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The Other Inheritance by Rebecca Jaycox ~ #bookreview

~Jennifer~ | 1:36 PM | | Please comment!

January 30, 2017

Title: The Other Inheritance
Series: The Inheritance #1 
Author: Rebecca Jaycox
Publication date: February 1, 2017 (first pub Nov. 2014)
Publisher: Aelurus Publishing
Source: Publisher via Netgalley

My Rating:  


One girl. Two worlds. Hunted in both.

Seventeen-year-old Reggie Lang is used to dealing with her alcoholic mother and fighting school bullies, but fate has thrown her a curve ball.

A biker dude shows up in her dreams, babbling about magic and a world called the Other. As the incidents keep piling up—like bringing a frog back to life in class—Reggie has to confront the mounting evidence that she’s not the normal girl she craves to be.

Reggie's life is changing, and she has no idea why. Or whether she should believe the man in her dreams, who claims she's in danger and that only he can keep her safe. But if there's one thing Reggie will learn, nowhere is safe.

The Other Inheritance delves into the YA world of fantasy and sci fi with a plot that brings you into the story quickly. One problem I had was that the pacing felt way too fast. I needed time to get to know the characters and what was going on before the action took over.  

I didn't hate this book but didn't love it either. As a main character, 17-year-old Reggie is ok - she's tough as well as vulnerable, yet doesn't speak or think like someone her age, which I'll explain in a minute. She was also too trusting of strangers and was okay almost immediately when she found out there's another realm called "the Other." That would take some time for me to digest, personally.  

I'm no prude. Sexuality and cussing in YA books don't bother me, but in this case they did. Reggie cusses every other sentence, and she can be completely crass. I cringed when she called another girl's breasts "tits" in order to insult her. Granted the girl was a bully; however, I just don't see a young teenage girl saying that to someone to insult them. I also know teenagers cuss, but every other sentence?

Also for a girl who recently lost her virginity, Reggie sure is comfortable talking about it openly, and sometimes sex is mentioned by other characters in a crude manner. I found it unbelievable and unnecessary. Reggie only just met the guy.

The action scenes were well written, and I liked the world building. While I wasn't connected to Reggie, I ended up being connected to one of the characters she meets in the Other.

The ending of The Other Inheritance was abrupt even for being the first book in a series. I was shocked when it ended and felt like it almost ended in the middle of a sentence. I am planning on reading the next novel to see if the loose ends from this novel will be tied up and to find out what happens next.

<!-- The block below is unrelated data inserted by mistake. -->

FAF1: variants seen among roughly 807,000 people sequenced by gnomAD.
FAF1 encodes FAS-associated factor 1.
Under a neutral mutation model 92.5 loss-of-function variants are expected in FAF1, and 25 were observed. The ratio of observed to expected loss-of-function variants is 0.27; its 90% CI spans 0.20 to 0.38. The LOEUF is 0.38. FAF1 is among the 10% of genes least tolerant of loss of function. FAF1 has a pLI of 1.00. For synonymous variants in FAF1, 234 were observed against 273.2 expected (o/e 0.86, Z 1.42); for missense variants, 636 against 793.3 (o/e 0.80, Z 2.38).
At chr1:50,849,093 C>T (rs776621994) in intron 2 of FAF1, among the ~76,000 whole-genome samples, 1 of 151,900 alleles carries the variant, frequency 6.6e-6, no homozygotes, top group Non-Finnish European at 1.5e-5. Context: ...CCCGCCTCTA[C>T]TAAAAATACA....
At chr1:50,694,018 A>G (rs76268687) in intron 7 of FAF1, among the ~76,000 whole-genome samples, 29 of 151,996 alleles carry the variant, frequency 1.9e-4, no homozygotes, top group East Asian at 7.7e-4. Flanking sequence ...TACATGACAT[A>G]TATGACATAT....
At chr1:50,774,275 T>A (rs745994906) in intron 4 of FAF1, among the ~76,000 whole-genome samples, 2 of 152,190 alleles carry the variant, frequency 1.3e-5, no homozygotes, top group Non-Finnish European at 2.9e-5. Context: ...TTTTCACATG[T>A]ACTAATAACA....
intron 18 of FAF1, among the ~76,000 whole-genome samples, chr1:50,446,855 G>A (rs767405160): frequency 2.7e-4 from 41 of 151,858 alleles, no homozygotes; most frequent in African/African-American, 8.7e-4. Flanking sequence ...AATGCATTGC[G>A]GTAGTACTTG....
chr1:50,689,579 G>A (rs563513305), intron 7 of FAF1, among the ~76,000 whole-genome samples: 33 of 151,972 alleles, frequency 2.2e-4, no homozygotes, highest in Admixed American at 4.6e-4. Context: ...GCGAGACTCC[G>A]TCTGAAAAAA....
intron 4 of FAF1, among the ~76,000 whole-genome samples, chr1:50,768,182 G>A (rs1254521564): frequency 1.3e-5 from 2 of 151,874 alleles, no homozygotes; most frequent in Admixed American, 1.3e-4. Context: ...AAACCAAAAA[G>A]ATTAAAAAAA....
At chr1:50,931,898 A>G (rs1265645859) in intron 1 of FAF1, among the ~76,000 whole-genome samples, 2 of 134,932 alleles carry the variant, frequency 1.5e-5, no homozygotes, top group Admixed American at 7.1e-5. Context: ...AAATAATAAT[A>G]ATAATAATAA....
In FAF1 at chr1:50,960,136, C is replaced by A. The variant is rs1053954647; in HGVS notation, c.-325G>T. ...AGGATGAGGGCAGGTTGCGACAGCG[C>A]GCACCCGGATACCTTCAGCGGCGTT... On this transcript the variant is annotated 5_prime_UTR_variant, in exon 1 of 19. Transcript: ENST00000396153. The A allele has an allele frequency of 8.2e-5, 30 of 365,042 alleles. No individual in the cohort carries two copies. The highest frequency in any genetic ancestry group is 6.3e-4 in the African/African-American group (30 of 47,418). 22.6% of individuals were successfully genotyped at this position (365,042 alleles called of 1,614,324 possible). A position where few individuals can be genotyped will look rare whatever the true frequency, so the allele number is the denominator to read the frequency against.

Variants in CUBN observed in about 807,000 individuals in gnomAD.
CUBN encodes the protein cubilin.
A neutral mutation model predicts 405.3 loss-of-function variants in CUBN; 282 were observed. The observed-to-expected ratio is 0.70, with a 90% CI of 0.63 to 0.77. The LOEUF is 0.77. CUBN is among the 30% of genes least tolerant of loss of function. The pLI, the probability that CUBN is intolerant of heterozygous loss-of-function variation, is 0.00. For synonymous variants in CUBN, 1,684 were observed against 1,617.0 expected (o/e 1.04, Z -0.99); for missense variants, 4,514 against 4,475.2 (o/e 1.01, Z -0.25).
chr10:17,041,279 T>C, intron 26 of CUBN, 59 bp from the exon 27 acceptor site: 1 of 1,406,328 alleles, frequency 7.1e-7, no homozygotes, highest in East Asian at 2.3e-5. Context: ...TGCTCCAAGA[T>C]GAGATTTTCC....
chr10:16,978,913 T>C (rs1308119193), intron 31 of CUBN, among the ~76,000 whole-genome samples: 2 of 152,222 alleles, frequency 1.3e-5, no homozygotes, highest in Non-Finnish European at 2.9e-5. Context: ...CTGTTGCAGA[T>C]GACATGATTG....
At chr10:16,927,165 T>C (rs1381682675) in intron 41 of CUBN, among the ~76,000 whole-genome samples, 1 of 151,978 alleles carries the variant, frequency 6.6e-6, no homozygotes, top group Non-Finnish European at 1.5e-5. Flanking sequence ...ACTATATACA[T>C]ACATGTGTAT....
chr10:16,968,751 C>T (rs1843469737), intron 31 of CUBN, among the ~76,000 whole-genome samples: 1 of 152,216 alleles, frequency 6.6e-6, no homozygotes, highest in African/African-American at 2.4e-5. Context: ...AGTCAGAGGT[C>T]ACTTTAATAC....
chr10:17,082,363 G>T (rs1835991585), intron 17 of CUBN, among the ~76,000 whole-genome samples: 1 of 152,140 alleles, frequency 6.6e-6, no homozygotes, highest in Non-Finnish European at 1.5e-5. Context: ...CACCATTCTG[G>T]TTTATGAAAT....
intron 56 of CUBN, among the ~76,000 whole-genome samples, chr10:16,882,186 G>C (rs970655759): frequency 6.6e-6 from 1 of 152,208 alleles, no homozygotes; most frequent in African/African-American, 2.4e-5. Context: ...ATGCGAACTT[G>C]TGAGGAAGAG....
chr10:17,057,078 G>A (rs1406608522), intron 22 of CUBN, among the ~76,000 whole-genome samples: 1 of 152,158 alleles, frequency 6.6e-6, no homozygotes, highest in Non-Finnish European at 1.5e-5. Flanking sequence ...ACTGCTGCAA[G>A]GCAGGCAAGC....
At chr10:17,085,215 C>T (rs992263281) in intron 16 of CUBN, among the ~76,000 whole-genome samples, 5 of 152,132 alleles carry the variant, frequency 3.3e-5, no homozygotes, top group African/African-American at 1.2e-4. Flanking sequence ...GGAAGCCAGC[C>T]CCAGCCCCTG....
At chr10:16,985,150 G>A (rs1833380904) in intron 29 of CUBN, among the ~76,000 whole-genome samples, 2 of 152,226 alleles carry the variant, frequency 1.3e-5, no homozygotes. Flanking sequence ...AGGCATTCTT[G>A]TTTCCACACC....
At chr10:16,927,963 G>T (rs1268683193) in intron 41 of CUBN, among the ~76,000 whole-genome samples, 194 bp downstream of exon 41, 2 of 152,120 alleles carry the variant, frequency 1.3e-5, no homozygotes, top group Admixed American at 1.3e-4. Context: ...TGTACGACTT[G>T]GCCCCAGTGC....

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Do Androids Dream of Electric Sheep? by Philip K. Dick ~ #bookreview

~Jennifer~ | 4:51 PM | | Please comment!

Title: Do Androids Dream of Electric Sleep?
Series: Blade Runner #1
Author: Philip K. Dick
Published: 1968
Source: Borrowed from library

My Rating:,107659


By 2021, the World War has killed millions, driving entire species into extinction and sending mankind off-planet. Those who remain covet any living creature, and for people who can't afford one, companies have built incredibly realistic simulacrae: horses, birds, cats, sheep. They've even built humans.

Emigrées to Mars receive androids so sophisticated it's impossible to tell them from true men or women. Fearful of the havoc these artificial humans could wreak, the government bans them from Earth, but when androids don't want to be identified, they just blend in. Rick Deckard is an officially sanctioned bounty hunter whose job is to find rogue androids and retire them, but cornered, androids tend to fight back--with deadly results.

I can't remember where I heard about Do Androids Dream of Electric Sheep? as I've never seen Blade Runner but am so glad I read this book. One of my favorite things about science fiction is that it delves into an exploration of human existence and what can go right as well as what can go horribly wrong. It gives me a lot to think about, and I really like that.

In a post apocalyptic San Francisco, a man named Rick Deckard is a bounty hunter assigned to kill, or retire, androids ("andys"). As you'd imagine, it's a depressing world where most of humanity is either dead, sick from the nuclear fallout or have emigrated to Mars. Animals have pretty much died out except for a select few which are super expensive to own. To buy one you have to take out a loan as though you're buying a car.

There were really cool twists I didn't see coming. Who's an android and who isn't? Rick has to give a test that's designed to tell an android from a human, but how effective is it? I thought about how hated the androids are and how afraid humans were of losing what's left of humanity. I think that's always been a very real fear as long as humans have been around.